• Saturday, July 20, 2024
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Will PFN’s bet on Davids’ neutrality to unite Fellowship pay off in Lagos?

Will PFN’s bet on Davids’ neutrality to unite Fellowship pay off in Lagos?

The recent election of Yemi Davids as the new chairman of the Lagos chapter of the Pentecostal Fellowship of Nigeria (PFN) has raised the hope for a new direction for the Christian organisation.

Davids was elected following the annulment of the election that produced Toyin Kehinde earlier in February 2024.

Prior to his election as the PFN chair in Lagos, Davids, who is the founding pastor of Global Impact Churches with headquarters at The Goodland, Ogudu, Lagos, has not held any known office within the Fellowship. He succeeds Enyinnaya Okwuonu.

Davids is considered an “outsider” by many of the PFN caucus in Lagos because he has neither involved himself in the politics within the group nor taken part in the circular politics that nearly tore apart the Fellowship in the recent past.

He is now faced with several challenges that need to be addressed in order to move the Fellowship forward.

The Lagos chapter of the PFN, which aims to unite and empower Pentecostal churches and believers in the state, has been in the news for some time now. But Davids now has been saddled with the responsibility of repositioning the Fellowship.

There has been the problem of apathy by many members towards the Fellowship and its programmes. He has to urgently develop a strategy to unite the PFN and heal it of internal divisions, ensure transparency in leadership, and develop good financial and strong membership drive.

Davids has been charged by the National President of the PFN to pursue an inclusive and purposeful system of administration where all members of the Fellowship would be carried along. He must unify the Pentecostals in Lagos State and create an atmosphere of love among them.

He is also saddled with the responsibility of tackling the tribal and political intrigues that occurred as the fallout of the PFN state’s election held before his emergence as the chairman.

There have been reports of discrimination and marginalisation of certain tribes and denominations within the Fellowship long before the election.

Therefore, Davids is faced with the responsibility of resolving the tribal and political intrigues that have permeated the fabric of PFN in Lagos, and must address the issue head-on by promoting unity and inclusivity among all members of the Fellowship, regardless of their tribe or denomination.

Gospel Emmah Isong, national publicity secretary of the PFN, in an earlier publication stated that the successful and peaceful conduct of the Lagos State PFN election laid to rest all agitations, suspicions and insinuations. He also disclosed that the election brought great appreciation and salutations to the wisdom and administrative grace of the national president of the PFN.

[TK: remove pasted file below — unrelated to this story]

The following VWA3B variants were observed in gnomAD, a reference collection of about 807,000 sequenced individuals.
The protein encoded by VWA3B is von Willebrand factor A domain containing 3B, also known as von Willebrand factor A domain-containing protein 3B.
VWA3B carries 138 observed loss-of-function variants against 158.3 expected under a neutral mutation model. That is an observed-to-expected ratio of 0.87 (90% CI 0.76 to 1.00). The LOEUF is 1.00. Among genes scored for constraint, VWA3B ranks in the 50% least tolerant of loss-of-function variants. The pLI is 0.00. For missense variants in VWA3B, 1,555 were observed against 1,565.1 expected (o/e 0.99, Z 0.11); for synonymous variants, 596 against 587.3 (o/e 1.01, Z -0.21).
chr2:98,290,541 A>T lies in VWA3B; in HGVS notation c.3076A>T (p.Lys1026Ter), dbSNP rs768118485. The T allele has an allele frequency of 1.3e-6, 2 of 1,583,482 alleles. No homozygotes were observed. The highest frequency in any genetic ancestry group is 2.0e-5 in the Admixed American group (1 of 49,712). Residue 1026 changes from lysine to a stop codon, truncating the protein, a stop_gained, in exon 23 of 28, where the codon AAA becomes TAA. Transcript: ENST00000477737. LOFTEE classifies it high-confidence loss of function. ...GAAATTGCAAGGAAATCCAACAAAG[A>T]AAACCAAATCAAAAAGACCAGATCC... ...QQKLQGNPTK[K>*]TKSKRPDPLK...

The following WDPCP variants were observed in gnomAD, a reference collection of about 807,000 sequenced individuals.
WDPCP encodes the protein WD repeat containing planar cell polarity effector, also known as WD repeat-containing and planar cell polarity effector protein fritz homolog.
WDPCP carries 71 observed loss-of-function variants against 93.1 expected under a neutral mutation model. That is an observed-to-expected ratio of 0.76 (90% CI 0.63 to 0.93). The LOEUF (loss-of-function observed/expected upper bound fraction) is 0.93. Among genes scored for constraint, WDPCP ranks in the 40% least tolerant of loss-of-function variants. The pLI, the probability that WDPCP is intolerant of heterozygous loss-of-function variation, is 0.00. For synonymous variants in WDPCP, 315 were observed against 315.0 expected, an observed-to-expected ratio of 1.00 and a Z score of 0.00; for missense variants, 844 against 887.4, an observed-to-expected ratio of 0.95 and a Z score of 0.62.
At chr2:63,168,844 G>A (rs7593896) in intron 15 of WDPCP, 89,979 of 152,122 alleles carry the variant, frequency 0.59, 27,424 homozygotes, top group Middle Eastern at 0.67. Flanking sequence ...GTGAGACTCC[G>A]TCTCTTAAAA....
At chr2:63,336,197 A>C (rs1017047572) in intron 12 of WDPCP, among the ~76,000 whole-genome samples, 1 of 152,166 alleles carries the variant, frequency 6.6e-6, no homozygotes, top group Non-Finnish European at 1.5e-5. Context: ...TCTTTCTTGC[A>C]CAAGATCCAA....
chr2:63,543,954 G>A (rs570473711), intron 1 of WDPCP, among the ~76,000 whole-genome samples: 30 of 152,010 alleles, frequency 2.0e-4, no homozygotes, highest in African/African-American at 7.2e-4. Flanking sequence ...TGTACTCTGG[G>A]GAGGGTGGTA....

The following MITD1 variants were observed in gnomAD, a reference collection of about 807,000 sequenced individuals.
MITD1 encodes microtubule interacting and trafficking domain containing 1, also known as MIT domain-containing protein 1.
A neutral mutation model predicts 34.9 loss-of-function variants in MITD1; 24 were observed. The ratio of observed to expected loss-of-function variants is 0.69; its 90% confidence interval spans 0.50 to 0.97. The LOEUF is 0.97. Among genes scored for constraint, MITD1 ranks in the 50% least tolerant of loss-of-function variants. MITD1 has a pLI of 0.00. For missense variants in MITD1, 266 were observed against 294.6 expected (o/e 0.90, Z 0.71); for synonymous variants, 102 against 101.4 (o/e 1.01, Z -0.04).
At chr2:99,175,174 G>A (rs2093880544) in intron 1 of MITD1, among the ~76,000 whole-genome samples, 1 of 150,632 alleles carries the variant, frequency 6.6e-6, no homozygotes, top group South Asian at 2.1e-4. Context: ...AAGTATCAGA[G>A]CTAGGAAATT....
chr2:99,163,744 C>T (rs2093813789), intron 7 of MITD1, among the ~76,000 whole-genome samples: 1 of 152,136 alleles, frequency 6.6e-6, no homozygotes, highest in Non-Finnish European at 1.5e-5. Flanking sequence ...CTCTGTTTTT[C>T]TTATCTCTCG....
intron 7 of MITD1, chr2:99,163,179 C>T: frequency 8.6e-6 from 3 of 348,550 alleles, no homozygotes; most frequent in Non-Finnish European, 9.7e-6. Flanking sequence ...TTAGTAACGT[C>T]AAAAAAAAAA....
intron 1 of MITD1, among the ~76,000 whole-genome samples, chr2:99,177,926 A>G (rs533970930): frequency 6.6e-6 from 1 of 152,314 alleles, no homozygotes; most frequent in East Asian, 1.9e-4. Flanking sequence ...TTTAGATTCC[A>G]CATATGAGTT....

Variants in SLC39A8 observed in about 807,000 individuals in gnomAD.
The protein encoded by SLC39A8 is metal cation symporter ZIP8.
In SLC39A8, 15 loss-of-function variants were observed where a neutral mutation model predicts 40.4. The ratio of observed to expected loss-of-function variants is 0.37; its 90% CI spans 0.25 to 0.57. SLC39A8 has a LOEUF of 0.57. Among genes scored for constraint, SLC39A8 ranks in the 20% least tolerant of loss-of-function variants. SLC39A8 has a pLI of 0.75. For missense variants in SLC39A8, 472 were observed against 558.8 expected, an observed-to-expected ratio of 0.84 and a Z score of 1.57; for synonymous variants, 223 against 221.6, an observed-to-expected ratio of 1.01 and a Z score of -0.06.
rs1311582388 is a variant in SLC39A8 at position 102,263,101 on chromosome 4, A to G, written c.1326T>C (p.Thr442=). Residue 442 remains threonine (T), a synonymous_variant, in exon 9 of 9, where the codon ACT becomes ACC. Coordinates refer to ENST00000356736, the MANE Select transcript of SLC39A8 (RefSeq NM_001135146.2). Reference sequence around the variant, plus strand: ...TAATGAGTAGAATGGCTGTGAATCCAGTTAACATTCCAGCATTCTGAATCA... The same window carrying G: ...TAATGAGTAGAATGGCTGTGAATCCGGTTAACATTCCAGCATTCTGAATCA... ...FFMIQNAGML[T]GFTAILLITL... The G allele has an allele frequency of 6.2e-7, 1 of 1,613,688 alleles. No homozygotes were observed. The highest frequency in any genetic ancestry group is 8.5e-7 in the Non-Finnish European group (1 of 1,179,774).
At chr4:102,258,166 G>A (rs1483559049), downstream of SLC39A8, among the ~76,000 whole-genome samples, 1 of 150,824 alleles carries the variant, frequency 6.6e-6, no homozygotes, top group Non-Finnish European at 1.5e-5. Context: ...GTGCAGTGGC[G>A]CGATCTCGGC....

However, a source familiar with the issue told BusinessDay Sunday that, “The National President is keeping us in suspense.

“All over the state, no less than 90percent of the members are hurting, because they felt grossly disgraced; and I think it has been communicated to him,” suggesting some members have not accepted the outcome of the last election.

BDSunday reached out to Isong for further clarification on the matter, but he did not respond while Toyin Kehinde, who emerged as the state chairman in an earlier election, said: “Please permit me not to talk for now.”

According to the source, “The Central Working Committee is silent about this, because they do not want to be in the bad book of the National President.”

He also disclosed that the province chairmen and state directors kept mute in the face of lawlessness being carried out with the outcome of the chairmanship election. “If Yemi Davids has conscience, he will decline the offer. It is perceived that the Fathers want to use his head to break ‘the PFN coconut’; will he live to eat out of the coconut?”

However, Theophilus Ajose, director of politics and governance of the PFN, told BD Sunday that the state directors are not keeping mute, but waiting for the national office’s directive of the state inauguration.

“National will let us know; they will tell us the next move after the election. The election has been concluded; what we are just waiting for is the inauguration and there is nothing anybody can do until we receive directive from the national office concerning inauguration. So, there is nothing like anybody is keeping mute – we are waiting for directives from the national office. Once that is done everything will start,” Ajose said.